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Wednesday, August 17, 2022

All eyes on US earnings season this week, Musk walks from Twitter bid


US stocks closed mixed Friday, with the technology-heavy Nasdaq Composite ending higher as the Dow Jones Industrial Average and S&P 500 index slipped, after a stronger-than-expected June jobs report. All three major benchmarks booked weekly gains, with the Nasdaq leading the way up.

Looking ahead this week, investors won’t know what to focus on with the US second-quarter earnings season beginning on Thursday-Friday, reports due out from six major banks, and the June consumer price index due for release with expected central bank rate rises.

With earnings season about to begin, the stock market could finally get its moment of truth. The S&P 500, after all, has dropped 18 per cent in 2022 and is mired in a bear market. Yet that decline largely reflects the effect of higher bond yields, which force valuations lower, triggering sell-offs.

Earnings estimates, however, remain relatively firm – although it appears there have been some downgrades across the sectors for 2023 when viewing the date since mid June.

Across the sectors – no real winners with commodity prices under pressure and companies in the aluminium and copper sectors struggling.

Best-performing thematics included battery stocks, tech, new energy companies and hydrogen stocks.

Last month in the hydrogen space, the US Department of Energy’s Loan Programs Office issued its first loan for clean-energy tech since 2014, guaranteeing a loan of $504.4 million to the Advanced Clean Energy Storage project in Utah that will convert renewable energy to hydrogen to support the power grid in the Western US.

In stocks related news, Twitter shares fell 5.1 per cent following news that Musk will withdraw his bid for the company. It appears that that both parties are headed to the courts with two possible outcomes, and they are very different. Firstly, Musk might have to pay a $1 billion reverse termination fee for unjustifiably walking away from the deal. Or, secondly, a court might order “specific performance”, meaning that Musk would have to fund his entire $33.5 billion equity commitment and buy Twitter.

In Musk-related company news, PayPal Holdings shares fell more than 2 per cent after a broker downgrade.

Tesla Inc rose 2.5 per cent after shipping a record 78,906 vehicles in China last month.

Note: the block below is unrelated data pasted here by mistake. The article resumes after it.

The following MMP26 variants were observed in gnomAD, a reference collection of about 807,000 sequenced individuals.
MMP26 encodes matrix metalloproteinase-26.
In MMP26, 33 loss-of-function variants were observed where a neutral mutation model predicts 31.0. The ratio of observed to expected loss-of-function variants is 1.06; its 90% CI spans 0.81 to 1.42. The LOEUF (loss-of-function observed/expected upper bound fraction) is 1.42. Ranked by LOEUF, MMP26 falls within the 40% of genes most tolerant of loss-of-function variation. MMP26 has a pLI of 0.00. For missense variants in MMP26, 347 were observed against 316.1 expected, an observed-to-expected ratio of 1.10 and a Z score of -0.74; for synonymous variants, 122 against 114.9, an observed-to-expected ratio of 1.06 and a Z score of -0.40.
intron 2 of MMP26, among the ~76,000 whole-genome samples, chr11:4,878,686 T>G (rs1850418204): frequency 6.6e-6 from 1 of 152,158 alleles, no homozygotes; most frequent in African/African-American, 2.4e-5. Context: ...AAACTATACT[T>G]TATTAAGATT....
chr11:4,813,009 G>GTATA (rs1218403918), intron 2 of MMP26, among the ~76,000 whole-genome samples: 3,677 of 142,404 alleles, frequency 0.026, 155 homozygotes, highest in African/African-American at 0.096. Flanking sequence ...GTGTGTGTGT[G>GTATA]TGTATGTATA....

On the economic front, Friday’s June jobs data surprised on the upside with 372,000 new jobs created last month, much better than the 250,000 in market forecasts. That continued what has been a strong year for jobs growth in America and will make it easier for the Federal Reserve to again lift rates by 0.75 per cent at its next meeting on July 26 and 27. The US jobs result for June was a case, as one US analyst put it of “good news being bad” for the markets because it means another big rise in US interest rates.

In fund flow news, the latest flow data highlighted dash to cash and biggest inflows to global bond funds in 14 weeks, with treasuries and government bonds the big beneficiaries. It appears China is a major beneficiary of new flows as US and European investors poured record sums into the Chinese market, with record flows of $5.8bn into listed Chinese ETFs – with the expectation of China stimulus to support markets post slowing growth due to COVID and real estate related defaults.

The SPI futures are pointing to a 20 point gain.

Figures around the globe

US markets closed mixed. The Dow Jones fell 0.2 per cent to 31,3385, the S&P 500 lost 0.1 per cent to 3,899 and the Nasdaq gained 0.1 per cent to 11,635.

Across the Atlantic, European markets closed higher. Paris added 0.4 per cent, Frankfurt gained 1.3 per cent and London’s FTSE closed 0.1 per cent higher.

Asian markets closed mixed. Tokyo’s Nikkei added 0.1 per cent, Hong Kong’s Hang Seng gained 0.4 per cent and China’s Shanghai Composite lost 0.3 per cent.

On Friday, the Australian sharemarket rose 0.5 per cent to 6,678.

Commodities

Iron ore is trading 0.7 per cent lower at at $US114.05 a ton.

Iron ore futures are pointing to a 3.7 per cent fall.

Gold gained $2.60 or 0.2 per cent to US$1742 an ounce.

Silver was up $0.05 or 0.3 per cent to US$19.24 an ounce.

Oil added $2.62 or 2 per cent to US$104.79 a barrel.

On the London Stock Exchange, Rio lost 0.5 per cent, BP gained 0.3 per cent and Shell added 0.5 per cent.

Currencies

One Australian dollar at 7:10 AM has strengthened compared to the US dollar on Friday, buying 68.51 US cents (Fri: 68.40 cents), 56.99 Pence Sterling, 93.24 Yen and 67.32 Euro cents.

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